In the political discussions about the origins and causes of the current Eurozone debt crisis the rules of the Stability and Growth Pact often play a prominent role. Also yesterday, when the German Bundestag voted on the proposed Euro rescue fund, the Pact was regularly cited. Let me be clear: this discussion is misguided as the Pact has been an ineffective framework and needs to be reconstructed.
The basic premise of the Pact is that in a currency union, you need fiscal discipline so debt levels of individual countries don’t run wild and put the whole currency at risk. Let me be clear again: This is a justified aim; the problem is only that the Stability and Growth Pact seems to achieve neither stability nor growth. Why is this?
The first point is that the most important targets of the Pact – no more overall debt than 60% of GDP and no more than 3% annual deficit – have no real economic meaning. There is no consensus about when sovereign debt becomes problematic (Rogoff and Reinhart for instance believe a debt to GDP ratio of 90% is the threshold before negative consequences for growth can be expected) or whether a general rule applied to a variety of very different economies makes sense at all.
So if the targets are not based on accepted economic knowledge, how did European policy-makers decide them? The answer is simple: they are based on the Eurozone averages of 1990. Given growth and inflation assumptions at the time, it was believed that the overall debt to GDP ratio could be held constant at 60% (the 1990 average) with an annual deficit of 3%. That’s all, so there is no reason to treat these numbers as if they were part of the Ten Commandments.
The second point is that the original Pact did not foresee special circumstances under which individual countries have good reasons to temporarily go beyond the targets. One suitable example is Germany. It is well documented that Germany missed the Stability and Growth Pact targets on several occasions. And the Pact’s inability to take into account the massive costs of German unification is in large part to blame. This problem led to a reform of the Pact’s flexibility in the mid 2000s, which is now being portrayed as a simple watering down of the targets. But this increased flexibility, which made sense, is also not the reason for the current debt problems.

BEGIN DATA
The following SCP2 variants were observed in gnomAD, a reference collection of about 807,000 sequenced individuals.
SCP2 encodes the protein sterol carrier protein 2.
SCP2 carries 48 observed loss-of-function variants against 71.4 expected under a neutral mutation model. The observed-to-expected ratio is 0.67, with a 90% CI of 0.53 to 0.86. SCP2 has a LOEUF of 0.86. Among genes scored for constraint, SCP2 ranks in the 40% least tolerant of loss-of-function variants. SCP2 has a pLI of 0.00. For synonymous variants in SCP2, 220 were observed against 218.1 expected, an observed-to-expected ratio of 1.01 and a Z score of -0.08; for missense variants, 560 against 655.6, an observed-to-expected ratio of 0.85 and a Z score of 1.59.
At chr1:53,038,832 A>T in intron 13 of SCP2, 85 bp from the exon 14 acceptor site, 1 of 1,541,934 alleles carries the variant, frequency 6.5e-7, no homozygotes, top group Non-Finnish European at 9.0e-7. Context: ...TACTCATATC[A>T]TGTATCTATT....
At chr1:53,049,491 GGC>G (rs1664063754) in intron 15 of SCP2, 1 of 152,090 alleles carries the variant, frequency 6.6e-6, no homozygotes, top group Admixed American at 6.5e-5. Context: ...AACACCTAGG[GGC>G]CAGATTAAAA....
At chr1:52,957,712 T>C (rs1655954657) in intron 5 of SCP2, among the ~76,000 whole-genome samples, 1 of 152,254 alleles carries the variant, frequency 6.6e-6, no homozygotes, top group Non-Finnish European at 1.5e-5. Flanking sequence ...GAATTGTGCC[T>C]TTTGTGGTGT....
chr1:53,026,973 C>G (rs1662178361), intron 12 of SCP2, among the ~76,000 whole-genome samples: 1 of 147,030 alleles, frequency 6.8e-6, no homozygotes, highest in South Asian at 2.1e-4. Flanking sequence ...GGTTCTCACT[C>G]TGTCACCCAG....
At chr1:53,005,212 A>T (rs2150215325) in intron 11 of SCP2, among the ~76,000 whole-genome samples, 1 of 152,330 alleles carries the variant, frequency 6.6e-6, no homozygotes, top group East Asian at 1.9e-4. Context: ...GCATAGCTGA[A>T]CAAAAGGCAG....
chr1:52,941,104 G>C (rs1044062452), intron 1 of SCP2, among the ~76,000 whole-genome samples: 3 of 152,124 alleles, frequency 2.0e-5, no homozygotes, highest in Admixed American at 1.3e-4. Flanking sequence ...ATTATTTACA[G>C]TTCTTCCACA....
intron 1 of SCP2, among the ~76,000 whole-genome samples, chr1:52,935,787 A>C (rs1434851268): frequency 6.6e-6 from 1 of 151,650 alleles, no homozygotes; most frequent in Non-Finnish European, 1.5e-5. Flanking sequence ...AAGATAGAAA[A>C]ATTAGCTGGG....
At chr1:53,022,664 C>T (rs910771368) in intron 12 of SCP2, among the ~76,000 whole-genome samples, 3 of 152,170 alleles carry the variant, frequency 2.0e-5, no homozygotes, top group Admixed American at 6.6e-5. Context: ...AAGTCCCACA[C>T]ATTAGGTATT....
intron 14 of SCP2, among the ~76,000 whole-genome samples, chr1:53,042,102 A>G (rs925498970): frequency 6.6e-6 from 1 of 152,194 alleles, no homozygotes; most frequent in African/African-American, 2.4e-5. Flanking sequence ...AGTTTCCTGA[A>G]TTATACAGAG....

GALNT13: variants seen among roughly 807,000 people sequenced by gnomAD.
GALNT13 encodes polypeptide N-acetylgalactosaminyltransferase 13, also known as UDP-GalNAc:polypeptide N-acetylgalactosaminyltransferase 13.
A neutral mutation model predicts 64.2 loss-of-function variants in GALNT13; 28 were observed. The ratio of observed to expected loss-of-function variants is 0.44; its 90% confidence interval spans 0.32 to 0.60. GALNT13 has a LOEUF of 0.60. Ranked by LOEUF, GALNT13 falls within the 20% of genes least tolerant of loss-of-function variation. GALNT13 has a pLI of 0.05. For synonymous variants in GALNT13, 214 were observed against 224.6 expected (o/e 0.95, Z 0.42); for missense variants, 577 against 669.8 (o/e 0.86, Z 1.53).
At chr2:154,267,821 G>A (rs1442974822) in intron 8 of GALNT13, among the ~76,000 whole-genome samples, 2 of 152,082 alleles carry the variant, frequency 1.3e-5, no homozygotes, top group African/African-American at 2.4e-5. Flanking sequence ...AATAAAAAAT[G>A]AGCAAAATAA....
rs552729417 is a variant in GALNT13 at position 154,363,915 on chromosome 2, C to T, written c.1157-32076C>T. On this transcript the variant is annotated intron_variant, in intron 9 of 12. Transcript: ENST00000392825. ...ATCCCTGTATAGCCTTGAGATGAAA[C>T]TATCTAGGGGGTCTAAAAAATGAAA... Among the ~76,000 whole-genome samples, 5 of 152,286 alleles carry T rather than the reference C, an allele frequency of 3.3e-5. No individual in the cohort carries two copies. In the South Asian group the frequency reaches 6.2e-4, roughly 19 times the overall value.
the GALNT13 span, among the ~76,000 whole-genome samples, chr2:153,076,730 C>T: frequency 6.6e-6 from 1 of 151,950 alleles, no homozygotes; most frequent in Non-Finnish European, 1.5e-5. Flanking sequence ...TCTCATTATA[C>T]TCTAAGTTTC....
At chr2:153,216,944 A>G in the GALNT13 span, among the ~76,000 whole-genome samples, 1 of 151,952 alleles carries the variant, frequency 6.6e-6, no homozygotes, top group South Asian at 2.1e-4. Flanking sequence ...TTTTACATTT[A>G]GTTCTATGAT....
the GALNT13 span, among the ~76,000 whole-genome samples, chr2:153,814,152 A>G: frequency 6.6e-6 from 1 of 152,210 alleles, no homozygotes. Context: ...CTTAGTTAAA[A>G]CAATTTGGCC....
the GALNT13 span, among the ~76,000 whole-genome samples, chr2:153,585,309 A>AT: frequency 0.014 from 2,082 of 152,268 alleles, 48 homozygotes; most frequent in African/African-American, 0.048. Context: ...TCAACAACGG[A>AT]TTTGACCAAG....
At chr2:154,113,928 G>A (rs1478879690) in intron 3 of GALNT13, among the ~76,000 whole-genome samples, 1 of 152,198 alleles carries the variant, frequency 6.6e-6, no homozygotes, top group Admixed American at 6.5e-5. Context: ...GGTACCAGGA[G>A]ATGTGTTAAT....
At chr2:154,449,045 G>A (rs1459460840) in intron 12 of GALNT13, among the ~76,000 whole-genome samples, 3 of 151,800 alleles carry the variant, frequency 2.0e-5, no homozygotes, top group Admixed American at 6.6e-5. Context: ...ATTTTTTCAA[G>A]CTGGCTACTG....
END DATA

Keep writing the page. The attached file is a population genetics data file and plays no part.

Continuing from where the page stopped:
During the financial crisis, many Euro countries went well beyond the 3% target and nobody seriously argued at the time that keeping the arbitrary Pact rules was more important than bailing out the financial sector and trying to maintain economic stability via stimulus spending. The lesson here was that when push came to shove and a massive crisis affecting all countries needed drastic fiscal measures, the Pact was de facto meaningless and sticking to the rules would most likely have caused a major depression.
It is also an insufficient tool in so far as it does not grasp the origins of fiscal problems. Looking at the current crisis countries, there is no doubt that Greece has been fiscally irresponsible. But the list basically ends there. If you look at Ireland and Spain for instance, you are looking at countries that before the financial crisis were comfortably within the Pact’s criteria and were seen as fiscally prudent. Here the current debt problems are not the result of a history of excessive spending but are moreover the consequence of the economic growth models these countries pursued – and whose associated fiscal risks were not reflected in the Stability and Growth Pact. The Pact did for instance not prevent Ireland from allowing its banks’ balance sheets to grow to a multiple of GDP and generate growth based on a massive housing bubble. And when Ireland was forced to take over large chunks of these balance sheets its budget deficit soared to more than 30% in 2010, i.e. more than ten times the Pact’s allowance.
When looking at these examples it becomes clear that just setting arbitrary fiscal targets is not doing the stability and growth trick. A responsible coordinated fiscal policy with a view to long-term stability and sustainable growth requires a thorough analysis of the broader economic circumstances. Given the inherent uncertainties of our globalised 21st century economic system, this is not a task you can solve by tailoring a fiscal straitjacket using assumptions and averages from 1990. It will moreover be the job of a future economic government for the Eurozone to assess the internal and external economic circumstances and agree on a set of fiscal policies that command real credibility and don’t become counterproductive in individual circumstances or meaningless when broader crises arise. We surely need fiscal stability and sustainable growth but we also need the right tools to achieve it.